What is Cape Ratio?
Cape Ratio, usually applied to the indices, is a PE valuation multiple calculated by using earnings per share that is adjusted for cyclical changes in economy and inflation. It was invented by Mr. Robert Shiller, a professor from Yale University in the united states, to analyze the impact of the economic situation on the PE RatioPE RatioThe price to earnings (PE) ratio measures the relative value of the corporate stocks, i.e., whether it is undervalued or overvalued. It is calculated as the proportion of the current price per share to the earnings per share. of the indices. It gives the investor an idea about whether the markets are overvalued or undervalued.
- It is commonly used by a financial and stock market analyst to decide on their investment strategies, i.e., whether to buy or sell the stocks in the market.
- It is usually used to predict the future return from the stock or the index in the next 10 to 20 years by using the historical 10 years data and adjusting the same with the inflation factor to arrive at the most correct earnings per shareEarnings Per ShareEarnings Per Share (EPS) is a key financial metric that investors use to assess a company's performance and profitability before investing. It is calculated by dividing total earnings or total net income by the total number of outstanding shares. The higher the earnings per share (EPS), the more profitable the company is. number.
- It takes into account the economic changes that have a huge impact on businesses that are more cyclical in nature.
Cape Ratio Formula
The formula for Cape Ratio is:
Examples of Cape Ratio
The following are examples of the Cape Ratio.
Let us take the below-mentioned example to understand the calculation of the cape ratio for an index :
In the above example, the Past 10 yrs EPS data has been plotted in an excel sheet, and adjusted EPS has been worked ours by removing the inflation factor from each year EPS to arrive at the correct comparable EPS. post which the same is average out for a period of 10 years to arrive at the average 10 year inflation-adjusted EPS.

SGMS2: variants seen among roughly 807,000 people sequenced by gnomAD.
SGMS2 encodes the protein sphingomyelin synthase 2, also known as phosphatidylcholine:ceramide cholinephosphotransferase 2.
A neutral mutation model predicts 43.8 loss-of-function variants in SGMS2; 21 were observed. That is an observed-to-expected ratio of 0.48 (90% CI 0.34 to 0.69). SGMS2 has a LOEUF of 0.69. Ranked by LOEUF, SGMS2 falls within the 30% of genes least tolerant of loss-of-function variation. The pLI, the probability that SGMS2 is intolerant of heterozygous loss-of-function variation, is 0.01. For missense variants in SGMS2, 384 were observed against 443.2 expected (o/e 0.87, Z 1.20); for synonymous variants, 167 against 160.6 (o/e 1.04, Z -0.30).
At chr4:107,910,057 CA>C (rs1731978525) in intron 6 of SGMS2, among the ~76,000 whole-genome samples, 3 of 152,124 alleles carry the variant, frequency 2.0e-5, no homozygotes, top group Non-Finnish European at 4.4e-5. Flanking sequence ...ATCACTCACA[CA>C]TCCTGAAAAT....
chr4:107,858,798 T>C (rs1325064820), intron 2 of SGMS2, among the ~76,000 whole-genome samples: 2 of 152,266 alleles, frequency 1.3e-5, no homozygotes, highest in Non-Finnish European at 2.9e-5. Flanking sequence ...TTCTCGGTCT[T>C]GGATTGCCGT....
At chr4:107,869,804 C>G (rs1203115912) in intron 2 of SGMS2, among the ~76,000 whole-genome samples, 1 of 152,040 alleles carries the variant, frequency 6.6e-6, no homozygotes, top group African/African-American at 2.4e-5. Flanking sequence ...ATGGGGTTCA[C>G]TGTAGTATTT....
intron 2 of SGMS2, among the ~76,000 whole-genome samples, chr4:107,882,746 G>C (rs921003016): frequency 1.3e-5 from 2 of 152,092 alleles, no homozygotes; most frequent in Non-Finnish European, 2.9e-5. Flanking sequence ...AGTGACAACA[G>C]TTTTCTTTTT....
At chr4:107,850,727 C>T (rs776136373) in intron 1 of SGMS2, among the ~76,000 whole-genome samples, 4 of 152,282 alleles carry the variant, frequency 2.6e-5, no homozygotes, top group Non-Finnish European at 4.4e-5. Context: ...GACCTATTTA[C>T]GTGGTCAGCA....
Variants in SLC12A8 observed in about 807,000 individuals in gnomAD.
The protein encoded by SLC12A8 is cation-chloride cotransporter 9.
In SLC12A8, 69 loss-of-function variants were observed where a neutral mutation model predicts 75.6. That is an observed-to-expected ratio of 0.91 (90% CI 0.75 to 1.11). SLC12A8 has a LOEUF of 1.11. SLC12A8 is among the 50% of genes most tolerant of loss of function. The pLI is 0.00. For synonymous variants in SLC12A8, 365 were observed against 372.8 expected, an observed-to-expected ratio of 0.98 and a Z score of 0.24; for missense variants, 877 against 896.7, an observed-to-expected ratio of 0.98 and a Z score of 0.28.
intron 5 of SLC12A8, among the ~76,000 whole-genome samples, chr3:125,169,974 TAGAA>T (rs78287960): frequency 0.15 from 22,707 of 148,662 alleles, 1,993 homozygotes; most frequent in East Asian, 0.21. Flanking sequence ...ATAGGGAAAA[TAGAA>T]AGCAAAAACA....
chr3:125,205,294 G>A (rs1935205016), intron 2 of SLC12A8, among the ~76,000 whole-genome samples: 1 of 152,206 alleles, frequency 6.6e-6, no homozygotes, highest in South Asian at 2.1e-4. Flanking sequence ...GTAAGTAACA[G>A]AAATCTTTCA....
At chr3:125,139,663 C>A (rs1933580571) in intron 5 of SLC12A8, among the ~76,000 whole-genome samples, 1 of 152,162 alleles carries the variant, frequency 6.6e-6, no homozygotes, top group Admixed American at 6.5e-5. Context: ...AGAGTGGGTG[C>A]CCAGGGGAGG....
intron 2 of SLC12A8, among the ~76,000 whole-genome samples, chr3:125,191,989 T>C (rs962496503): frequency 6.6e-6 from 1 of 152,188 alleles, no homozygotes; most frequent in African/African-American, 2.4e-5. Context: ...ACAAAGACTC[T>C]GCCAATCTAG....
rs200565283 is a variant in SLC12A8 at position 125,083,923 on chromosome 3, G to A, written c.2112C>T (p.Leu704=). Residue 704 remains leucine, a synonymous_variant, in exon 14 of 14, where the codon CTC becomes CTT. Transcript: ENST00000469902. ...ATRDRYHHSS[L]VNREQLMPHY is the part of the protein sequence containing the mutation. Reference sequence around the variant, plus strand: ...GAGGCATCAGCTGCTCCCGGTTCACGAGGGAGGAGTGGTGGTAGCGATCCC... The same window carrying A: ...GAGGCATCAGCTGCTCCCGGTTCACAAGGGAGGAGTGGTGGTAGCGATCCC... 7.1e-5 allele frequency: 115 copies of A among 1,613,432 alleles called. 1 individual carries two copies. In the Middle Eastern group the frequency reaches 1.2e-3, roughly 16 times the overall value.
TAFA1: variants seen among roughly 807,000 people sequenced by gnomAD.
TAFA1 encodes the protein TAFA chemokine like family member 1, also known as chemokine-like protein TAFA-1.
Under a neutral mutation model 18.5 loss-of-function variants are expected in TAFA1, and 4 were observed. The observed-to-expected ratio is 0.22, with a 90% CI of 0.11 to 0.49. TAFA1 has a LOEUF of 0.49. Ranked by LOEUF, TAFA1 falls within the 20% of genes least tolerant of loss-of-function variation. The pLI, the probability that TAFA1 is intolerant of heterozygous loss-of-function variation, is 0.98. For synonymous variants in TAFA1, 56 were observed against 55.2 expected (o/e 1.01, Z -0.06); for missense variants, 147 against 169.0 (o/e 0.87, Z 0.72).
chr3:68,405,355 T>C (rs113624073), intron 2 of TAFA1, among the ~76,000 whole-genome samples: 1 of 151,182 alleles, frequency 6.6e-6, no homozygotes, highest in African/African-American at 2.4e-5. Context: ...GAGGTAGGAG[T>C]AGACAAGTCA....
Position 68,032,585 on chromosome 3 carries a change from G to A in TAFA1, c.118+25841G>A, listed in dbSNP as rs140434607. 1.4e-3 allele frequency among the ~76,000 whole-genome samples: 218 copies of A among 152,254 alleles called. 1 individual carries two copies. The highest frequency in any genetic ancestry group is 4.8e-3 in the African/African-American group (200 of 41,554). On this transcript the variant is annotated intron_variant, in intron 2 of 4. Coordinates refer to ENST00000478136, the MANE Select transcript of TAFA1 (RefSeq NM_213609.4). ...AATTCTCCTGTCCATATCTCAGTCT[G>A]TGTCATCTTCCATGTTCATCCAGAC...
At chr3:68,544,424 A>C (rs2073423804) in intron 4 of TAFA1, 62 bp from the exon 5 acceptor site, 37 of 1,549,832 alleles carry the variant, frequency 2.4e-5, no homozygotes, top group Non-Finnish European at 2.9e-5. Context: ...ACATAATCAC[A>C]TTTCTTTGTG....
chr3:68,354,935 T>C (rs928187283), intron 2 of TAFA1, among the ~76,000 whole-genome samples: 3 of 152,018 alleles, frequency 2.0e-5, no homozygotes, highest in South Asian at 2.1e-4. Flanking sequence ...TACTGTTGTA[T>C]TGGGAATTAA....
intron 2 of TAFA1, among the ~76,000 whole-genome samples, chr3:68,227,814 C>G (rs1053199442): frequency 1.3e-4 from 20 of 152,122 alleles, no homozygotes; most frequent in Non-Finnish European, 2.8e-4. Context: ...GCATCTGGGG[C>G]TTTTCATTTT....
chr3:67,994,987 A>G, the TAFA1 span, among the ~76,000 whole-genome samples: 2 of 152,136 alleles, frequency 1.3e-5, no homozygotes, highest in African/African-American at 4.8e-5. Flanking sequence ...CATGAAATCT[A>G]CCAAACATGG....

Cape Ratio = 1000/52.13 = 19.12. This signifies that although the current pe ratio is 10, the cape ratio is 19.12 i.e., the index is overvalued.
Let us take another, e.g., to understand this concept better. Below mentioned are the details for the s&p 500.
- PE Ratio = 16
- Cape Ratio = 32
- Historical Avg PE Ratio = 17
In the above case, although the historical pe ratio based upon the simple averages is similar to the current pe ratio, still the index is very much overvalued, taking into account the cape ratio, which takes the inflation-adjusted pe ratio for the past 10 yrs thus giving a better picture on the pe ratio of the index and allowing investors to make an informed decision.
It will be better for the investors not to put their money in the current high priced market as reflected by the cape ratio and stay put till there is a correction, and the cape ratio declines a bit and comes to the normally expected pe ratio for the markets.
You can refer to the above given excel template for the detailed calculation of the cape ratio.
Advantages of Cape Ratio
It is one of the most important tools to analyze the pe ratio of the index, taking into consideration the cyclical changes in the economy over a period of time. Below mentioned are some of the major advantages of the cape ratio :
- It is very easy to calculate in an excel sheet.
- It factors inflation in the economy over a period of time.
- It gives a fair picture and value of the pe ratio since the past 10 years average is taken after adjusting the same with the inflation factor to arrive at the correct avg EPS.
- A good parameter to observe the future pattern of the index;
Disadvantages of Cape Ratio
- Businesses cannot be compared with the way they operated 10 years ago, and in the manner they operate today.
- Massive changes in regulatory and accounting laws have taken place over a decade.
- The reason for the higher pe ratio currently is due to the rise in the interest rates by the federal bank.
- It completely ignores the dividend yieldDividend YieldDividend yield ratio is the ratio of a company's current dividend to its current share price. It represents the potential return on investment for a given stock..
- It does not take into account the increase in the demand for investment in stock markets as it was 10 years ago.
- It does not take into account all the risk-free rate investments in the market like the sovereign yield bonds, fixed deposits, etc.
Limitations of Cape Ratio
- More mathematical less practical.
- It ignores the demand-supply function, which is the basics of economics.
- Preferences and investment patterns of the people change over a period of time.
- More complicated.
Points to Note
Cape Ratio is a mechanism to gauge whether a particular stock or index is overvalued or undervalued. It helps to smoothen the impact of the cyclical changes and the economic changes and gives a better picture of the calculated EPS to forecast the future returns of the same. A higher cape ratio is certainly not an indicator of the market crash. It only gives a trigger point to the investor to be cautious as it’s a reflection of the trend in the economy.
This article has been a guide to what is Cape Ratio and its definition. Here we discuss its formula to calculate Cape Ratio for an index along with examples, advantages, and disadvantages. You can learn more about valuation from the following articles –